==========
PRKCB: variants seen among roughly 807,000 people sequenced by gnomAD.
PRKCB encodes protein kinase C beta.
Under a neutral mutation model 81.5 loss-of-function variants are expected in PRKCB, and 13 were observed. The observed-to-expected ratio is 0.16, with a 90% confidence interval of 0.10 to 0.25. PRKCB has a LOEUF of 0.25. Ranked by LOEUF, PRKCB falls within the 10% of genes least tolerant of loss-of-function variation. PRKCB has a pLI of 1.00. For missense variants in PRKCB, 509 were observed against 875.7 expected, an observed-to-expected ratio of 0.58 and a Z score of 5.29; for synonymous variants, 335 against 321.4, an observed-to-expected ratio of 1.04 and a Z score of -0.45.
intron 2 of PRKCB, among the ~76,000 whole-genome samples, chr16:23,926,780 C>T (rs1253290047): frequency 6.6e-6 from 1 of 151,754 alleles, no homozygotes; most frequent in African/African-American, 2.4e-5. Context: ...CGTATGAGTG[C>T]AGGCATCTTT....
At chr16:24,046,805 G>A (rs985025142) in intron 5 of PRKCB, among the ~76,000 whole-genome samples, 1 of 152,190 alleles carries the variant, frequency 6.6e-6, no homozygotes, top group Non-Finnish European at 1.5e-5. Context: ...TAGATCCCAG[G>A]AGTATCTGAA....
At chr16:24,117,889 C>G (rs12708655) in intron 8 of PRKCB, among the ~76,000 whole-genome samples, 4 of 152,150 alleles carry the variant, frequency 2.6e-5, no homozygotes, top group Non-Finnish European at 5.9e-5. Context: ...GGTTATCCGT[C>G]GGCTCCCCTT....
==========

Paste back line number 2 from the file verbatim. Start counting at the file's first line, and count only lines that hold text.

PRKCB encodes protein kinase C beta.